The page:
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14 March 2017

HOK’s Mara Baum Discusses Link Between Building Design and Human Health

NOAA Pacific Regional Center

In this excerpt from the March-April edition of Retrofit Magazine, HOK’s Mara Baum, sustainable design leader, health + wellness, weighs in on the importance of healthy buildings and how property owners can achieve WELL certification.

“We have always grappled with questions around the real impacts the environment has on our health and well-being but haven’t always had clear design direction” explains Mara Baum, AIA, LEED Fellow, WELL AP, WELL Faculty in HOK’s San Francisco office. “We’re now learning much more about the direct scientific basis behind the health impacts our buildings have on our bodies and minds.”

Drawing a correlation between rising healthcare costs and the amount of time people spend indoors (up to 90 percent on average), Baum says the time for market transformation is now.

Mara Baum“If you consider the significant health problems we as a society are facing and the massive health costs these health problems are incurring and then consider the research that links these problems with specific conditions inside and around buildings, then connecting these dots can become a call to action,” she says.

In terms of the existing building stock, there are some unique challenges with pursuing WELL certification, but none are insurmountable.

“With WELL—because there are many preconditions—some of those preconditions might present a barrier, particularly for the retrofit market. That will be a little bit more difficult for some types of projects,” Baum explains.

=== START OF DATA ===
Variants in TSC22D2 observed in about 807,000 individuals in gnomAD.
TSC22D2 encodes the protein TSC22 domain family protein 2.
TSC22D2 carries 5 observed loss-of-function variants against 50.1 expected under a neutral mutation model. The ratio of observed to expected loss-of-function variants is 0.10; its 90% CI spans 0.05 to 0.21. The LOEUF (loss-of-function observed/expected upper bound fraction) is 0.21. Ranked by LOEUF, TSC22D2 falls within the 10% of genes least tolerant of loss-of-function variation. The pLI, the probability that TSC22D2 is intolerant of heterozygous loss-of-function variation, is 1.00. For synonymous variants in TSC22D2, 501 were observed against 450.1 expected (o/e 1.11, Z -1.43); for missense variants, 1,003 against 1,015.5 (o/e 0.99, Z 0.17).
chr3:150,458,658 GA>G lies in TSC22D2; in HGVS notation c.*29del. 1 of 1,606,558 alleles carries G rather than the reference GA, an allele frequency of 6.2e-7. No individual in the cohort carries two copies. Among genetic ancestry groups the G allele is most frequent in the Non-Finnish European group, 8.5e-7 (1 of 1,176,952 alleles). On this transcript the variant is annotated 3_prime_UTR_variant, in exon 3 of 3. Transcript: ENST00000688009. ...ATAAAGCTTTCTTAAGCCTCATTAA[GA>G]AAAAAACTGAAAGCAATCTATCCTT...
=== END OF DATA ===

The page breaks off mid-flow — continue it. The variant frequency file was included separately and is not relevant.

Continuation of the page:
For example, she says in a building where an existing air handler is not designed to meet air-quality requirements, the prerequisite in WELL might be very difficult to meet—inexpensively, anyway. Replacing an air handler might require adding square footage to a mechanical room in an existing space that may be cost-prohibitive. However, Baum points out that WELL was designed with alternative adherence pathways that “are structured in such a way that allow for relatively straightforward achievement of alternative approaches as long as you’re meeting the intent of the requirements.”

Baum adds that larger retrofits, which include mechanical upgrades, are relatively straightforward in terms of meeting WELL’s requirements. Building systems that do not meet current codes, on the other hand, will be much more challenging.

Retrofit Magazine